By Tom Degun

Marina Ramirez_v_Marlen_Esparza_19-10-11October 19 - The inaugural women's boxing US Olympic team trials are to take place in February with 24 fighters set to compete for just three spots at the London 2012 Games where women's boxing will make its Olympic debut on the official sports programme, it has been announced.

The location and exact date of the event has yet to be determined but 24 boxers have qualified for the event via several national competitions held across America.

"The 24 women who have qualified for the first-ever Olympic trials are all outstanding athletes that will represent our sport and country in a first-class fashion," said USA Boxing President Hal Adonis.

"They have each dedicated endless hours in the gym and made tremendous sacrifices to chase their Olympic dreams and we look forward to seeing them all compete in this historic event.

"Congratulations to all of these fine athletes who have qualified for this once in a lifetime event."

At the London 2012 Olympics, there will only three weight categories for women, which will be flyweight (48-51kg), lightweight (57-60kg) and middleweight (69-75kg), and the US trials will see eight women in each of the three weight categories fighting it out for the one Olympic spot in their respective category.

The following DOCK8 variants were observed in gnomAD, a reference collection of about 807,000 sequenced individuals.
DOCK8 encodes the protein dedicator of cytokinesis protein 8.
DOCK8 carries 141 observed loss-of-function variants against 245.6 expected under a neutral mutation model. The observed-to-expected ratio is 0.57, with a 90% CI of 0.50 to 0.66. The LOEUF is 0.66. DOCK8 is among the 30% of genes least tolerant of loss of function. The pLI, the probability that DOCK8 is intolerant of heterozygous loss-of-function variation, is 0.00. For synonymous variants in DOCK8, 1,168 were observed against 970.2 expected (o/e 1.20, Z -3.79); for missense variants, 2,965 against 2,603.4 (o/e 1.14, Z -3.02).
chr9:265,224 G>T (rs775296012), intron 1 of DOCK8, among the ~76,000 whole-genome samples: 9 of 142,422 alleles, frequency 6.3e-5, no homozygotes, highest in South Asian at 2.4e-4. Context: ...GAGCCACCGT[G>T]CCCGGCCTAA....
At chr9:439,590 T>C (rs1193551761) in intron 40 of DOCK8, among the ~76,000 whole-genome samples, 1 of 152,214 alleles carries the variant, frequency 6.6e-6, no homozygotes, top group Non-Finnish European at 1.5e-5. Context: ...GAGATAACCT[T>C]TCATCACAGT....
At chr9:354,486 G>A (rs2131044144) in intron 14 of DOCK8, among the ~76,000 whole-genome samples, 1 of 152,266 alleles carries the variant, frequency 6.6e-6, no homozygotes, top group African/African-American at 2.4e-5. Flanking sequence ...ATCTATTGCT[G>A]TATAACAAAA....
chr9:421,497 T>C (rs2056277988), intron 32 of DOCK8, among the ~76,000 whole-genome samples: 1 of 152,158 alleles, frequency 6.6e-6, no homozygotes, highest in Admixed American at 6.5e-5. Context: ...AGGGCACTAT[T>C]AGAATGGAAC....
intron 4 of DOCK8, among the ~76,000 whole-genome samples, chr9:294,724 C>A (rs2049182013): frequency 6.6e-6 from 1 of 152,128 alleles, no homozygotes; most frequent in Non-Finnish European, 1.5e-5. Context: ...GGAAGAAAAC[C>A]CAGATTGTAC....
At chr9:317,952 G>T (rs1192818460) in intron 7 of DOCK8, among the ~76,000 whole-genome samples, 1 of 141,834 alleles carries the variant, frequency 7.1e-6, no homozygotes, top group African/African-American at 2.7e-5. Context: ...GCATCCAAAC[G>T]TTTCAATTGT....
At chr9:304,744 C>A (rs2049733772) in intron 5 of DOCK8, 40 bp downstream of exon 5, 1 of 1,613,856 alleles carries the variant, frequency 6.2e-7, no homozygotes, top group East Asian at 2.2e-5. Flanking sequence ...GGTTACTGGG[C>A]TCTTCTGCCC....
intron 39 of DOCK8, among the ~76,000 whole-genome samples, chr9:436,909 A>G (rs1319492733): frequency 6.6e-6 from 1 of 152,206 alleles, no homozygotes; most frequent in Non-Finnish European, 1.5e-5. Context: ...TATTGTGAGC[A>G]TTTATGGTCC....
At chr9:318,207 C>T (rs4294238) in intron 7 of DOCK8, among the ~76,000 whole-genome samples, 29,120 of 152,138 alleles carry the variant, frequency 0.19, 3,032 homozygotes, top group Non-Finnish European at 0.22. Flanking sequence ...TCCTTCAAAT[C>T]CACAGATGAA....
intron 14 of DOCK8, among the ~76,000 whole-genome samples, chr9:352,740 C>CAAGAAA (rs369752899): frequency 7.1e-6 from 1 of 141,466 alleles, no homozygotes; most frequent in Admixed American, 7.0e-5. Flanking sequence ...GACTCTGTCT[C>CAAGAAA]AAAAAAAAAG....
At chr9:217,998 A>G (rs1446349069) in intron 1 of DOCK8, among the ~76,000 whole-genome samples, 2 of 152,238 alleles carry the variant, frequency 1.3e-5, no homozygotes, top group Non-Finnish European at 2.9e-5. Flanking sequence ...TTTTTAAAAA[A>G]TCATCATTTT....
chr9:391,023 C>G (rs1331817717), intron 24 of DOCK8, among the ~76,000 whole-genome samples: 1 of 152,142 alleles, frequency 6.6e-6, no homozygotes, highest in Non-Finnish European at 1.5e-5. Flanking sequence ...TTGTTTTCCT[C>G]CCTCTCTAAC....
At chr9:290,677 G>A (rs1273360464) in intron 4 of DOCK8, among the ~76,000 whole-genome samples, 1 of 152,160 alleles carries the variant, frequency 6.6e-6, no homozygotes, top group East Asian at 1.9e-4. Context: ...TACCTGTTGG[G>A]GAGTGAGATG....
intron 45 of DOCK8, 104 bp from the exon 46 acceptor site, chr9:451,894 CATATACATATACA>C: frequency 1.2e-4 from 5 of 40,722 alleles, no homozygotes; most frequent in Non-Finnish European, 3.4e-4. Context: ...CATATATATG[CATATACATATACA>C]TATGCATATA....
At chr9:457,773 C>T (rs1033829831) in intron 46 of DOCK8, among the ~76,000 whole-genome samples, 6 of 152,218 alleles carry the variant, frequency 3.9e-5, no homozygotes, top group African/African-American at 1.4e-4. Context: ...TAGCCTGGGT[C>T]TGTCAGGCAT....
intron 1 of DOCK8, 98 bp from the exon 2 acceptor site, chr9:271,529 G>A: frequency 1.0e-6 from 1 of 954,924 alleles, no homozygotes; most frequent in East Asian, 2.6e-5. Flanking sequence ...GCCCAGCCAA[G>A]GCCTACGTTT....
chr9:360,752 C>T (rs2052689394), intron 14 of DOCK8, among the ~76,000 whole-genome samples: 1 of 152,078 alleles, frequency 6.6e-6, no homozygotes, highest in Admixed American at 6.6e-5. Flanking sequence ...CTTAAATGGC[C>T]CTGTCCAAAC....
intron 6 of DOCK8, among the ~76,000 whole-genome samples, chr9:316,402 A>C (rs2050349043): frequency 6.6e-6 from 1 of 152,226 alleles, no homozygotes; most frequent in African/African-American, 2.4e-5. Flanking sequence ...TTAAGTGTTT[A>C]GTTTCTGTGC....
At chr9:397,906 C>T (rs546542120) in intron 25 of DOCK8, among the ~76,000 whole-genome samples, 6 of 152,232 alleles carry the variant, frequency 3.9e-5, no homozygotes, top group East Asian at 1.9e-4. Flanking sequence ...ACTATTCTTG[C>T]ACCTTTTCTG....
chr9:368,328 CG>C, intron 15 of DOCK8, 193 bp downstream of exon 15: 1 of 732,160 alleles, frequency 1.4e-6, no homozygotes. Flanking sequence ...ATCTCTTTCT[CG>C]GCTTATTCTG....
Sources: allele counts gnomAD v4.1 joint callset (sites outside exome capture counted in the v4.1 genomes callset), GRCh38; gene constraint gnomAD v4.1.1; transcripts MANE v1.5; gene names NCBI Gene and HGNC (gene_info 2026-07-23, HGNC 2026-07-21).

However, the three winners at the US Olympic trials will not automatically qualify for London 2012.

Instead, they will take the three US spots at the 2011 International Boxing Association (AIBA) Women's World Boxing Championships in Qinhuangdao, China, which get underway in May and act as the lone international Olympic qualifier for the top female amateur boxers.

The fighters who make the last eight places in China will automatically qualify for the Olympics, with an additional four boxers per weight class to be selected for London 2012 by a tripartite commission.

At London 2012, there will then be a total of twelve boxers in each of the three Olympic weight classes and the US will be hoping to make the podium spots in the English capital having traditionally been successful in the men's Olympic boxing event and producing some of the all-time great champions like Cassius Clay (later known as Muhammad Ali) and Sugar Ray Leonard.

"We are looking forward to this historic event and an outstanding week of boxing at the US Olympic team trials for women's boxing," said USA Boxing's executive director Anthony Bartkowski.

"The sport has come a long way over the last decade, and the talent and skill level of these women will surprise those who haven't had a chance to see them perform before."

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